When It’s Okay to Buy Non-OrganicAzia Weisz
Organic or not, we all know food is just not what it used to be. Our great grandparents used to eat vegetables that had been grown in small farms and came home from the shop in a wicker basket or paper bags. The fruit and vegetables that were available were in season, and the meat didn’t have antibiotics in it.
Most of the foods we eat now are full of pesticides, synthetic fertilizers, and herbicides. The meat has growth hormones and antibiotics, and none of these foods have the same level of vitamin, minerals, and nutrients that fresh produce used to have once upon a time.
There has been enough press about the dangers of GMO crops for you to be on the lookout to avoid them, but normal non-GMO produce is grown with a new fertilizer compound that is made of reprocessed sewage, called biosolids.
This sewage, which is full of heavy metals, dioxins, and antibiotics, contains enough asbestos to put the farmers applying biosolids to their crops at a health risk.
Eating organic is the most effective way of eating healthily and safely. If you buy organic food, you can be sure that it is not GMO and that there are no pesticides or synthetic fertilizers including biosolids. The drawback is that eating like this can be very expensive. The good news is that there are some foods that you can eat without buying organic so you can save money on your food budget.
Thick skinned fruits
The thick, tough skins of pineapples, cantaloupe melons, grapefruit, and avocados have sufficiently thick outer layers for the fruit in the middle to be protected from high pesticide exposure.
Mangoes and kiwi have both been tested to show very little residues of pesticides. The kiwi’s furry skin keeps the pesticides from penetrating into its fruit, and pesticides seem to slide off a mangoes’ shiny skin. There is only a 12 percent chance of finding pesticides in its orange tangy tasting flesh.
Unlike small shiny leafed vegetables that should always be eaten organic, the humble cabbage is tough enough to not need a lot of pesticides to grow. Cabbages have thicker outer leaves that can be peeled off to reveal a succulent interior, free of pesticides.
Eggplant is an edible fruit of the nightshade species and is a staple in many tasty, substantial meals. It is cooked all over the world and has a range of health benefits. There are many different varieties available, and they can be used in different styles of cuisine.
Eggplants are also known as aubergines or brinjals and are called the king of vegetables. They are one of the most versatile and functional foods that can be added to almost every meal and are also a healthy option to eat. The smooth, shiny skin of the eggplant keeps pesticides from sticking and luckily for your budget they can be acquired from nonorganic sources.
Onions have natural anti-pesticide properties and are often used in organic gardening to deter pests. Onions are often allowed to grow without being treated heavily with pesticides. Onions are right in there on the top of the pesticide-free list.
Onions are full of vitamin C and are a great source of B6, folate, and potassium. They have anti-inflammatory properties and are also used as flu relief thanks to their manganese content. Onions have plenty of layers so you can also peel away the brown skin and eliminate any traces of pesticide before consuming them.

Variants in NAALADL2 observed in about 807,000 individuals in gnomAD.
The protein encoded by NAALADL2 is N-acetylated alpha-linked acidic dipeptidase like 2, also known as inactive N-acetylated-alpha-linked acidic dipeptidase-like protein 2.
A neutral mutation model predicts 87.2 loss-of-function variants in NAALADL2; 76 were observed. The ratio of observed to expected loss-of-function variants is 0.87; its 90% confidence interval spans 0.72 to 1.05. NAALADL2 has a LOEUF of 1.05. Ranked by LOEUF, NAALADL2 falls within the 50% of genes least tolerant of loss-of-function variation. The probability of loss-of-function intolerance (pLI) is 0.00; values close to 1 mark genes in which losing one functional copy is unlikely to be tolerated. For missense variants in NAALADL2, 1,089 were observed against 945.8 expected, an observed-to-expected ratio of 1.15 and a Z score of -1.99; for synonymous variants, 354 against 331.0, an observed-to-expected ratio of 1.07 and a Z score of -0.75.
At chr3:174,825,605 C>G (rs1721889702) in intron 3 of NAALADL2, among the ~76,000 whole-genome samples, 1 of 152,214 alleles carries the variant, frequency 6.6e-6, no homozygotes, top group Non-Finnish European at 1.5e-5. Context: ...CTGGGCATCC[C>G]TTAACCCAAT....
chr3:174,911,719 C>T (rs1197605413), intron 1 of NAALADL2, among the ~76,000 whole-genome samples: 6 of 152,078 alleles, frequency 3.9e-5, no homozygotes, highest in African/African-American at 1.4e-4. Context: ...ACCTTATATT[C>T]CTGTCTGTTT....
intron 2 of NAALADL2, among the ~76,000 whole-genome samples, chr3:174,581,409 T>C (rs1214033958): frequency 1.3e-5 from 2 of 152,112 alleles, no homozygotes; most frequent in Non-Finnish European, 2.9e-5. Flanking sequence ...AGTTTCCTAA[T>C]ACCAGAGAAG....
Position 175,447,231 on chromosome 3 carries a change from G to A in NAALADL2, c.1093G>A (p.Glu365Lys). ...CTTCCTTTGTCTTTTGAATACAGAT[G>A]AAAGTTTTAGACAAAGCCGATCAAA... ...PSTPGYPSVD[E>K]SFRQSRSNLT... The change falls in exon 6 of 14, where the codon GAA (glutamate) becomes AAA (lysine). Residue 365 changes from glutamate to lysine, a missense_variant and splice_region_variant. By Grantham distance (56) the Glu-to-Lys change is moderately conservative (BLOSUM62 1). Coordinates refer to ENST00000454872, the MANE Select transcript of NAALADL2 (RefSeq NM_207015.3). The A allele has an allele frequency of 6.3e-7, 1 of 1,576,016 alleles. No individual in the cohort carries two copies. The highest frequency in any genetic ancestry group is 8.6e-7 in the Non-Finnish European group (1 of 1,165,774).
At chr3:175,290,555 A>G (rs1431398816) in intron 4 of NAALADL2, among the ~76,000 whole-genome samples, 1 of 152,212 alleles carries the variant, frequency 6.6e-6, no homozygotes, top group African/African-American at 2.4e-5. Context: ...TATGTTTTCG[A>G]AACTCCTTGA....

Sweet potatoes are known as one of the healthiest vegetables ever, and they also appear on the list of vegetables with low traces of pesticides. This great vegetable has more of beta-carotene than any other vegetable and enough Vitamin A to meet almost 95% of your daily needs. They also have unique antioxidant properties.
Sweet potatoes grow well in many farming conditions and have few natural enemies; pesticides are rarely needed to grow them. Sweet potatoes have a high nutritional value and low starch. They also contain other micronutrients including Vitamin B5 and B6 and manganese.
The cauliflower is a deliciously versatile vegetable with a big white head and is a low-risk choice for pesticides. Cauliflower is a versatile vegetable to cook with and is satisfying to eat. It has a delightfully fresh flavor, and it is very nutritional.
It contains a high amount of vitamin C, amounting to almost 77% of your daily allowance. It also contains vitamin K, protein, thiamin, riboflavin, niacin, magnesium and phosphorus, and is a very good source of fiber, vitamin B6, folate, pantothenic acid, potassium, and manganese. Cauliflower can be eaten raw, steamed, boiled or roasted.
Asparagus like onions is very pest resistant and is not heavily sprayed. Asparagus is a very good source of fiber, folic acid, and vitamins A, C, E and K. It also contains chromium which helps your insulin transport glucose from the blood to the cells.
Asparagus is part of the lily family, and this spear like plant is one of the most nutritionally well-balanced vegetables. Asparagus is low in calories and quick to prepare to be delicious raw or with minimal preparation. Asparagus probably originated 2,000 years ago in the eastern Mediterranean region, where it was prized for its unique texture and its medicinal and aphrodisiacal qualities.
Sweet peas come from a flowering plant that is native to zones in the Mediterranean. Although the plant itself is not overly resistant to disease, the peas are protected from bugs the pod. This means that not only are they safe from bugs, but they are also sealed off from any pesticides.
Green peas are a very good source of manganese, copper, vitamin C, dietary fiber, vitamin K, vitamin B1, phosphorus and folic acid. Peas are sometimes called poor man’s meat but they are so nutritious could be considered a power-food. Peas have such high-quality protein that many commercial protein powders are starting to use them.